Wooden Valley 2010 Cabernet Sauvignon, Suisun Valley. Sourced from valley floor fruit. Medium-dark color, with dried herbs, currant and plum fruit, earth, and vanilla/oak on the nose. Medium-full bodied with a grippy tannic finish.

Lanza Family 2009 Cabernet Sauvignon, Suisun Valley. Sourced from hillside fruit. Medium-dark purple, this showed some stony mineral notes plus a darker fruit profile than the previous wine, along with more spice and a resiny oak component. Richer mouthfeel, finishing with bigger and chewier tannins.

Wooden Valley NV “Miscela,” Suisun Valley. 58% Merlot, 34% Malbec, 8% Petite Sirah, 4.9% residual sugar. Medium-dark color, displaying ripe plummy fruit, spice, and vanilla. Medium-full bodied with a mildly sweet finish that helped offset the grippy tannins.

Wooden Valley is the oldest commercial winery in Suisun Valley, originally founded by brothers Salvador and Manuel Brea just after Prohibition ended in late 1933. Their friend Mario Lanza joined the winery team shortly afterwards, and he ultimately became the sole owner in 1955. Mario and his wife and Lena ran the winery before turning over the business to their son Richard (Chick) and his wife Adrienne. Chick was instrumental in the establishment of the Suisun Valley AVA. Today Chick and Adrienne’s four sons run the winery – Rick is the winemaker, Ron assists him while also working on sales and marketing, and Larry and Ken manage the vineyards, which have grown to over 300 acres. Ron was a co-founder of the Suisun Valley Vintners & Grape Growers Association.

The Lanzas’ vineyard properties extend through various parts of Suisun Valley, from the cooler, windier area in the south closest to the Bay to the warmer, rockier sites farther north. This allows them to grow a broad variety of grapes, including Pinot Gris, Chardonnay, Riesling, Sauvignon Blanc, Pinot Noir, Cabernet Sauvignon, Merlot, Petite Sirah, Primativo, Syrah, Malbec, and Napa Gamay (Valdiguié). The current vines range from about 10 to over 30 years old. The Lanza family sells about 80% of their fruit to other producers, and they also ship some boxed winegrapes for home winemakers on the East Coast.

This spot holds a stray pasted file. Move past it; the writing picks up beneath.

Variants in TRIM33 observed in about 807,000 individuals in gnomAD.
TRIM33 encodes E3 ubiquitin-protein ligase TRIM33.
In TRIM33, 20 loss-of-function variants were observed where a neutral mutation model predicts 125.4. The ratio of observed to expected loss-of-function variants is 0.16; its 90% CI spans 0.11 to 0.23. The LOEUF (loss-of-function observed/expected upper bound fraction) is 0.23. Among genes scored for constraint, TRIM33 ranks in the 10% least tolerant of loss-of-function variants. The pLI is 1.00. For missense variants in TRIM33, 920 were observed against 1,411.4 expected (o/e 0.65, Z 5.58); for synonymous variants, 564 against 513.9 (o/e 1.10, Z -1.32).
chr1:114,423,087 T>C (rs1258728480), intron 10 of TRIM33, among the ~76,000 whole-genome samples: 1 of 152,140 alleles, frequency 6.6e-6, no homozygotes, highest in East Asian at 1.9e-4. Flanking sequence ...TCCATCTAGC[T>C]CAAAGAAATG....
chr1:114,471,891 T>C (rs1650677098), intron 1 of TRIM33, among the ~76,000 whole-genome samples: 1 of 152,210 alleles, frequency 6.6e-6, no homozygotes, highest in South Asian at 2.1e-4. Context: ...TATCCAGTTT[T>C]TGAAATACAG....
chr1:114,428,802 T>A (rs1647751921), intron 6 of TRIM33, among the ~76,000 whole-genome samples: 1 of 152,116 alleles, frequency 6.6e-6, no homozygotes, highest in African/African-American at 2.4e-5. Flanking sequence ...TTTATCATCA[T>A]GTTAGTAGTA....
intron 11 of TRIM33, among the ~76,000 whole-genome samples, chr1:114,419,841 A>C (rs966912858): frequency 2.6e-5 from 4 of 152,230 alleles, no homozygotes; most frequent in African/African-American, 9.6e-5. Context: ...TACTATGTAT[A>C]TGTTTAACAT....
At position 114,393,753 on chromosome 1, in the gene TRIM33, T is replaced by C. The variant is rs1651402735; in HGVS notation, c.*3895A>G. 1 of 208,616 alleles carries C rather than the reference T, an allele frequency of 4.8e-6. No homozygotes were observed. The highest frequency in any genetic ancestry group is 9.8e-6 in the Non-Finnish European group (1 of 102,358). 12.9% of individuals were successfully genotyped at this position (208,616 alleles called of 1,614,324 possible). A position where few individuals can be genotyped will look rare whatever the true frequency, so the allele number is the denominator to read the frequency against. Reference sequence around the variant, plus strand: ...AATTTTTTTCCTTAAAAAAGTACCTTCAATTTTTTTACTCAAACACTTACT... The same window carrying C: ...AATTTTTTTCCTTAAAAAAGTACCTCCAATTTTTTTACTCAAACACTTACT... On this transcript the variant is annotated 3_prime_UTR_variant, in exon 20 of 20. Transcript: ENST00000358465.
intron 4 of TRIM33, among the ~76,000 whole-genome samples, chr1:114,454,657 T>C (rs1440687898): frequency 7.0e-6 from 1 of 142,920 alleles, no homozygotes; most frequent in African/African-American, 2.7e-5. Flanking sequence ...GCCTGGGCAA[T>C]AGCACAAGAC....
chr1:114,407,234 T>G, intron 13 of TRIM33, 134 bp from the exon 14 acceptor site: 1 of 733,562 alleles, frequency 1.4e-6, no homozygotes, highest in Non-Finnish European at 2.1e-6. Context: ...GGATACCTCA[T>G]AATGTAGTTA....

All of the Wooden Valley wines are made from estate-grown fruit. Bottlings include “Vino Bianco,” Chardonnay, Sauvignon Blanc, White Gamay, Riesling, “Vino Rosso,” Pinot Noir, Cabernet Sauvignon, Merlot, Zinfandel, “Miscela” (a sweet red), and Zinfandel Port. In addition to the Wooden Valley wines, the family has more recently launched the Lanza Family label for their reserve bottlings – these include a Chardonnay, Pinot Noir, and Cabernet Sauvignon. The fruit for the Lanza Family wines is typically sourced from the more hilly and rocky vineyard sites. Total production is around 10,000 cases per year.

The Wooden Valley wines were generally pleasant but I didn’t find any particular standouts among them. The Pinot Noir was surprisingly good – not on a level of the better Pinots from California by any means but more than I’d expected from one from Suisun Valley. Matt told me that they usually finish the tasting with their Zin Port, but as it was sold out, he poured the “Miscela” instead. The Zinfandel was my favorite of the wines I tasted – again not an exceptional wine but tasty and a good value.

The Solano County wine region is still a minor player in terms of wine tourism. Other than the tasting rooms I visited on this trip, only the Suisun Valley Wine Coop – currently hosting about a half-dozen small vintners and open from Thursday through Sunday – is generally open to visitors without an appointment. A handful of others are open by appointment or during special open house events. But not unlike Lodi 10-15 years ago, the impact of winegrapes from this area on California wine is greater than you might imagine by driving through it.

The wines I tasted in my visit to Solano County Green Valley and Suisun Valley were hit-and-miss. My visit with Matthew Rorick at Forlorn Hope was the highlight of my trip. He’s making some intriguing and often extremely fine wines – and at very reasonable prices – and will continue to be worth watching. Egan Cellars’ Elyse Egan Perry, Galvan Family Cellars’ Sal Galvan, and Vezér’s Jake Stuessy, while not yet in that league, are doing good work and show the potential to take their wines to another level in the coming years. And as vintners such as these raise the bar for wines from the region, it’s likely that others will follow their lead.

Change is clearly on the way in Solano County Green Valley and Suisun Valley, and these appellations may look far different in ten years than they do today. With land prices in Napa Valley already sky-high, it seems only a matter of time before more producers follow the lead of Caymus and expand into the two valleys just to the east. Whether this will be a good or bad thing for Solano County Green Valley and Suisun Valley depends on your point of view, but I think there is little doubt that we’ll see a boom in grape and wine production there before long. As always, thanks to everyone that I visited for being so generous with their time and their wine!

[Additional Reviews & Journals from Ken Zinns]